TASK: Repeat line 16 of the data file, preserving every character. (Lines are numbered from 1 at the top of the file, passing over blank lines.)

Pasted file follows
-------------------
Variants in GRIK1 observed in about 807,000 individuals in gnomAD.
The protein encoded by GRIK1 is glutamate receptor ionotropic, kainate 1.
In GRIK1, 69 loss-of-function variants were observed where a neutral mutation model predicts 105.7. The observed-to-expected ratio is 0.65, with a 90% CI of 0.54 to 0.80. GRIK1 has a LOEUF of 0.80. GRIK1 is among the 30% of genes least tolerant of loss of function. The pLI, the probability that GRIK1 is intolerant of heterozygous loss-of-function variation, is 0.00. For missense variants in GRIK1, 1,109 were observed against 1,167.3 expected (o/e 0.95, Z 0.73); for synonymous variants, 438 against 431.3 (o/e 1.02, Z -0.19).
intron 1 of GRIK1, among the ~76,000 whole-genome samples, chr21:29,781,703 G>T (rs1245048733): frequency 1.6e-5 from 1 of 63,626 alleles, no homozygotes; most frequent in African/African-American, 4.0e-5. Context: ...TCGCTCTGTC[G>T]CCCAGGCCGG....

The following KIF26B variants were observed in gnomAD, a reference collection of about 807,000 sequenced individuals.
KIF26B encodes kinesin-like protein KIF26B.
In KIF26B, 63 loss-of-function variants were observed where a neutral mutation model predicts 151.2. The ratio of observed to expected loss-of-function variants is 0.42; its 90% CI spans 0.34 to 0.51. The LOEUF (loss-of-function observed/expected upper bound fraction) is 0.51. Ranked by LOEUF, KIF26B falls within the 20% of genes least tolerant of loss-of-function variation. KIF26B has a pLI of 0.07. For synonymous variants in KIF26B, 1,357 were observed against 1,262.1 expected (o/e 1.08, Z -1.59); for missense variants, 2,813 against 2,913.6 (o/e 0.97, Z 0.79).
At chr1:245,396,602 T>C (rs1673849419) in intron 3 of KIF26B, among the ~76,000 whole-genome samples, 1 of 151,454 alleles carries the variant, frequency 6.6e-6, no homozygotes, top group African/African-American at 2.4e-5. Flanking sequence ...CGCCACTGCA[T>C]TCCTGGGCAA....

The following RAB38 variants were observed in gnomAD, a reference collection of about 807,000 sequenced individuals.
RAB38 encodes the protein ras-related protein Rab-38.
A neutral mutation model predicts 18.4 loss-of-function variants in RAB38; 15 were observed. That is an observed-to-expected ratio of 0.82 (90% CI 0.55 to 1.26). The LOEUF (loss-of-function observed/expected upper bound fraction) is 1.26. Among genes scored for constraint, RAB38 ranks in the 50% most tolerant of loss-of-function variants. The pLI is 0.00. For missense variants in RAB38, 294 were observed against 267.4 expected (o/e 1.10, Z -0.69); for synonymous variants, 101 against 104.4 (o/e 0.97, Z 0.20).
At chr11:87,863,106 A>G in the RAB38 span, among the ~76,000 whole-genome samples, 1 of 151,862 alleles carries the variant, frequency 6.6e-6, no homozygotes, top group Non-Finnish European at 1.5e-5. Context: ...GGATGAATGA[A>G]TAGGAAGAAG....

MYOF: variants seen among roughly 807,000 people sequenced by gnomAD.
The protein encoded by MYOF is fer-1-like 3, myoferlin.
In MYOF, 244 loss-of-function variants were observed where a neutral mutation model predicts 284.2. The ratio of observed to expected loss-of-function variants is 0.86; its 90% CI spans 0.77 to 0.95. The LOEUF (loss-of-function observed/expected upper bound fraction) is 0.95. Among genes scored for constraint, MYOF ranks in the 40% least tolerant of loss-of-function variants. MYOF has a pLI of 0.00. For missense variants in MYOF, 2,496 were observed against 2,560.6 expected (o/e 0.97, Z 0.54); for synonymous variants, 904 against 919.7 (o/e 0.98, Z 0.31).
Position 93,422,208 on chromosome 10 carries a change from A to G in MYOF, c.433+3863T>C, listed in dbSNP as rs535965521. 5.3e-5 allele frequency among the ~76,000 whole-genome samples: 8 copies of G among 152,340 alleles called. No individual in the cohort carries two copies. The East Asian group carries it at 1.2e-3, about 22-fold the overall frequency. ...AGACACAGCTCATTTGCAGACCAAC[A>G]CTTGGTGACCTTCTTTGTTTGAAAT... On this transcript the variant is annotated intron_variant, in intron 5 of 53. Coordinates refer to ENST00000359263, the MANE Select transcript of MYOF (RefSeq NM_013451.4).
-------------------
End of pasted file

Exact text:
Position 93,422,208 on chromosome 10 carries a change from A to G in MYOF, c.433+3863T>C, listed in dbSNP as rs535965521. 5.3e-5 allele frequency among the ~76,000 whole-genome samples: 8 copies of G among 152,340 alleles called. No individual in the cohort carries two copies. The East Asian group carries it at 1.2e-3, about 22-fold the overall frequency. ...AGACACAGCTCATTTGCAGACCAAC[A>G]CTTGGTGACCTTCTTTGTTTGAAAT... On this transcript the variant is annotated intron_variant, in intron 5 of 53. Coordinates refer to ENST00000359263, the MANE Select transcript of MYOF (RefSeq NM_013451.4).